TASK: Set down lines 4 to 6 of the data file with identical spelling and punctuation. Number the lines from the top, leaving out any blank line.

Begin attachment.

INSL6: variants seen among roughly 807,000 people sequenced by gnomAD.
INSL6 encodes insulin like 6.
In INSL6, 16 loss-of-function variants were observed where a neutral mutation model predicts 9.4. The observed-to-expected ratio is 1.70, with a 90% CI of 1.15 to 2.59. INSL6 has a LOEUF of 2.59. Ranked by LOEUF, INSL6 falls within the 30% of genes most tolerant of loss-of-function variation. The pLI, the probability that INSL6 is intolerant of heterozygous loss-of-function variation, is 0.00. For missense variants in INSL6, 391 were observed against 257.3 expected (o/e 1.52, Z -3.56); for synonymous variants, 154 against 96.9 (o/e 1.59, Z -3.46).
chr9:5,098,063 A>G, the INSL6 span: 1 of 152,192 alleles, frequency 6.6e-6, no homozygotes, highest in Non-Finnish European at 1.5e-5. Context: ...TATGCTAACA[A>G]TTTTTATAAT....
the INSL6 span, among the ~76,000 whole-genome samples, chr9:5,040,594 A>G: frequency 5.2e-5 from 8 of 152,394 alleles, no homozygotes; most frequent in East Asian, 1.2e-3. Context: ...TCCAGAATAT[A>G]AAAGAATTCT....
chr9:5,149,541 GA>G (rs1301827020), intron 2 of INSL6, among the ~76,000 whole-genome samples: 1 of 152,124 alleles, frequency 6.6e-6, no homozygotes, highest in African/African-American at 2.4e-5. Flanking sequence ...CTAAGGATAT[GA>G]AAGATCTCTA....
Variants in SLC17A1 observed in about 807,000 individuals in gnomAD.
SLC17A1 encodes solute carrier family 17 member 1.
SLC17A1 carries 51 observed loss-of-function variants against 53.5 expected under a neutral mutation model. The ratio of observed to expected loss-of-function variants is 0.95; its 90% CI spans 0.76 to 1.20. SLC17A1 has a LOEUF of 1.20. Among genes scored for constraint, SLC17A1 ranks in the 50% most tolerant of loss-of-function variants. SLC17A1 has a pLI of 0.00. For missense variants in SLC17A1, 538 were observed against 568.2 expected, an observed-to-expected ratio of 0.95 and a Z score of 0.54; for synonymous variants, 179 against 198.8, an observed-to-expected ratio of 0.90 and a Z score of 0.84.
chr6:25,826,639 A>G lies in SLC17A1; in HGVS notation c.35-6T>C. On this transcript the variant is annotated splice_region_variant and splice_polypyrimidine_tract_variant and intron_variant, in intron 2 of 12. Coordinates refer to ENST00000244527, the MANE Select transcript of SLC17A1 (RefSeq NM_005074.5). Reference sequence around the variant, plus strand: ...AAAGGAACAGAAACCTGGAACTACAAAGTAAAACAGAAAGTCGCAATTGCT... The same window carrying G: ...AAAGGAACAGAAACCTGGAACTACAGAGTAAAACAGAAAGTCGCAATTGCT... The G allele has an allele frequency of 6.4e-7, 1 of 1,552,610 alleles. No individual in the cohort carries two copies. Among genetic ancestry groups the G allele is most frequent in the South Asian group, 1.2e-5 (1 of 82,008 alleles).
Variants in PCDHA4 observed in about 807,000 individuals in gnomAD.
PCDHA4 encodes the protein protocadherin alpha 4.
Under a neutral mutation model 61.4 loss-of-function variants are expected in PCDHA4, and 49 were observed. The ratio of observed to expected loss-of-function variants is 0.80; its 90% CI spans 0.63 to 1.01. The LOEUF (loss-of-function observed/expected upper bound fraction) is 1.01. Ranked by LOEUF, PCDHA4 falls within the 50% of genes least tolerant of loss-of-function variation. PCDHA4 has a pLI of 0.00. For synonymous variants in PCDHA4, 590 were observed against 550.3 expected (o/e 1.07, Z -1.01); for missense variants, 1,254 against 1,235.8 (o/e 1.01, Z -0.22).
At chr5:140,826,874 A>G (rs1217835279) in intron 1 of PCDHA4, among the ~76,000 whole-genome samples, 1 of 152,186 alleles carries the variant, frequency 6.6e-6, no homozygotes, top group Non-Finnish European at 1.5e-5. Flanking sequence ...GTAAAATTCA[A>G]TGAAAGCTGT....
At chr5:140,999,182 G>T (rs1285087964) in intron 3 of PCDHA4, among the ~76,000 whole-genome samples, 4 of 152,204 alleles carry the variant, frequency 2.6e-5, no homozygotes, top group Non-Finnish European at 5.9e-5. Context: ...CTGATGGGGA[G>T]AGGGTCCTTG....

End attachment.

chr9:5,098,063 A>G, the INSL6 span: 1 of 152,192 alleles, frequency 6.6e-6, no homozygotes, highest in Non-Finnish European at 1.5e-5. Context: ...TATGCTAACA[A>G]TTTTTATAAT....
the INSL6 span, among the ~76,000 whole-genome samples, chr9:5,040,594 A>G: frequency 5.2e-5 from 8 of 152,394 alleles, no homozygotes; most frequent in East Asian, 1.2e-3. Context: ...TCCAGAATAT[A>G]AAAGAATTCT....
chr9:5,149,541 GA>G (rs1301827020), intron 2 of INSL6, among the ~76,000 whole-genome samples: 1 of 152,124 alleles, frequency 6.6e-6, no homozygotes, highest in African/African-American at 2.4e-5. Flanking sequence ...CTAAGGATAT[GA>G]AAGATCTCTA....